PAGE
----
Android memory: That’s the question.
The Nexus 4 specifications list the following MEMORY:
2 GB RAM
8 GB internal storage (actual formatted capacity will be less)
(Note: no SD card is listed)
The Nexus 7 (Android tablet) specifications list the following MEMORY:
1 GB RAM
8, 16, or 32 GB flash memory
(Note: no SD card is listed)
The Samsung S III (Android Phone) specifications list the following Memory:
1 GB RAM (international version)
2 GB RAM (selected markets)
Storage 16 or 32 GB flash memory
Up to 64 GB SD card (microSDXC)
The phone shows all the memory as if it were one partition and says it has 11.35 GB total. The internal memory and application storage are one partition and the rest of the memory (approximately 4 GB) is used for the preinstalled system apps and Android OS.
Android devices are very similar to PC’s, they consist of a BIOS (Basic Input Output System), an OS (Operating System) and then Applications and Data.
The BIOS would be stored in EEPROM (Electrically Erasable Programmable Read Only Memory), or rather a sub-type called Flash Memory. Flash memory is an electronic (i.e. no moving parts) non-volatile computer storage device that can be electrically erased and reprogrammed.
When the BIOS loads the OS then it is moved into RAM Memory. RAM memory stores all currently running applications (including the OS).
The Operating System software, and application software are stored in storage; which is usually an internal SD card, or SD card like storage.
You can have additional storage, such as an external SD card.
So you would have:
EEPROM (Flash Memory)
RAM (System Memory) – The RAM is not “subdivided” on any sort of permanent basis. RAM is used by running processes on an as-needed basis. The biggest thing for SDK apps to note is that there is an upper bound as to how much RAM a process can consume –on your Hero, it should be 16MB.
The “Internal phone storage” refers to the portion of on-board flash space set aside for APK files, databases, preferences, and other local files.
SD Card (Storage) – Your “SD card” is more generically referred to in Android as external storage, which on many devices is some form of SD card, though it could actually be just another partition of the on-board flash storage designated as serving in the role of external storage.
Beginning with API Level 8, you can allow your application to be installed on the external storage (for example, the device’s SD card). This is an optional feature you can declare for your application with the android:installLocation manifest attribute. If you do not declare this attribute, your application will be installed on the internal storage only and it cannot be moved to the external storage.
Is it possible to use SD card as RAM in Android devices?
Apparently the answer is No, but if you “root” your device then:
“If you have ever used Linux OS then you must be aware of the term SWAP. In every Linux OS we create a partition called SWAP. This SWAP partition does the same work that is done by external memory as ram in windows &. And Android OS is also based on Linux kernel. You can also create a swap partition of SD card. But you have to root your device to get benefit of these apps. To do so i will recommend these following apps:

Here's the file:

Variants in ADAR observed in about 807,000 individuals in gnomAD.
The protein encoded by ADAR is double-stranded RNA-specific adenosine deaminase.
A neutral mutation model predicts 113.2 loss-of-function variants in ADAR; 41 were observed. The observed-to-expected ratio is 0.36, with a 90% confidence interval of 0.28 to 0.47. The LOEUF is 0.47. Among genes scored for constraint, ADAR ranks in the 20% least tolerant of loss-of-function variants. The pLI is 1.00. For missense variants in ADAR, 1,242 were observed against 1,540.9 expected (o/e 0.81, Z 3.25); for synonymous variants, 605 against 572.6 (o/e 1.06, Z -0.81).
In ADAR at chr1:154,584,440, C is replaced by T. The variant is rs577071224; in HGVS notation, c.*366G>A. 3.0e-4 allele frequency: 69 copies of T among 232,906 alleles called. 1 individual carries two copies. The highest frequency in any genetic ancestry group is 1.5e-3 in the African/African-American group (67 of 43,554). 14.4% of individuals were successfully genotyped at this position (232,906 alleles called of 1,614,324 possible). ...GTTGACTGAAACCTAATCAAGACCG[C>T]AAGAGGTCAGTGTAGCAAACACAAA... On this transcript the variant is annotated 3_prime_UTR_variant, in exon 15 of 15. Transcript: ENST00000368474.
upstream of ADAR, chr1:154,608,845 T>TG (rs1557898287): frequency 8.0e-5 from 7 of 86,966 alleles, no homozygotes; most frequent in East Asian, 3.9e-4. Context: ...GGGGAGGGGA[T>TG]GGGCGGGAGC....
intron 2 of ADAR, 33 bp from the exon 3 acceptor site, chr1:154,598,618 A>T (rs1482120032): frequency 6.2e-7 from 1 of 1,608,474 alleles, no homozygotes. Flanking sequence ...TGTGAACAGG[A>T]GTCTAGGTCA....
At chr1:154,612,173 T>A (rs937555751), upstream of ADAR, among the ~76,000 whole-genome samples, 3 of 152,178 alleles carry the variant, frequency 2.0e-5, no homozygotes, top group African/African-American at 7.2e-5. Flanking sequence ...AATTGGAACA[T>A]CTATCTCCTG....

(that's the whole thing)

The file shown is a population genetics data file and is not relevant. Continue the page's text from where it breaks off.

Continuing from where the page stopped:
1. SWAPit RAM Expander : You can expand your virtual memory up to 2.5 GB by using this app.
2. Swappper2application : This app also helps creating a swap partition of SD card.
There are also many apps which do the same. PS: THese apps may degrade your SD card life.”
Data Storage Options – Android provides several options for you to save persistent application data. The solution you choose depends on your specific needs, such as whether the data should be private to your application or accessible to other applications (and the user) and how much space your data requires.
Your data storage options are the following:
- Shared Preferences – Store private primitive data in key-value pairs.
- Internal Storage – Store private data on the device memory.
- External Storage – Store public data on the shared external storage.
- SQLite Databases – Store structured data in a private database.
- Network Connection – Store data on the web with your own network server.
Android provides a way for you to expose even your private data to other applications — with a content provider. A content provider is an optional component that exposes read/write access to your application data, subject to whatever restrictions you want to impose.
Using Shared Preferences – The Shared Preferences class provides a general framework that allows you to save and retrieve persistent key-value pairs of primitive data types. You can use Shared Preferences to save any primitive data: booleans, floats, ints, longs, and strings. This data will persist across user sessions (even if your application is killed).
Where is it stored? It’s stored on “LocalStorage”. LocalStorage is a type of storage. For Android the Buzztouch config file is contained in the apk and is called BT_config.txt. The apk is loaded onto the device and stored on the app’s internal memory. If the app allows use of the SD card it will be stored on the SD card if available.
If the app has a data URL in the config file (aka a “Online” Buzztouch app vs “Offline” Buzztouch app) it’ll connect with the server hosting the Control Panel and download the config data hosted on the Control Panel. Where is this data saved? You guessed it, in LocalStorage.
Wait you ask, “Isn’t LocalStorage internal to the device, because there’s no external device connected to it, and the “updated” config file works Offline, so it not in the Cloud?”
That’s correct “LocalStorage” is internal to the device, but the user doesn’t have access to LocalStorage. The user cannot (directly) save a file to LocalStorage. An app can access the LocalStorage it it’s programming allows it, but the use will have not direct access.
Cloud Storage (Coming up next)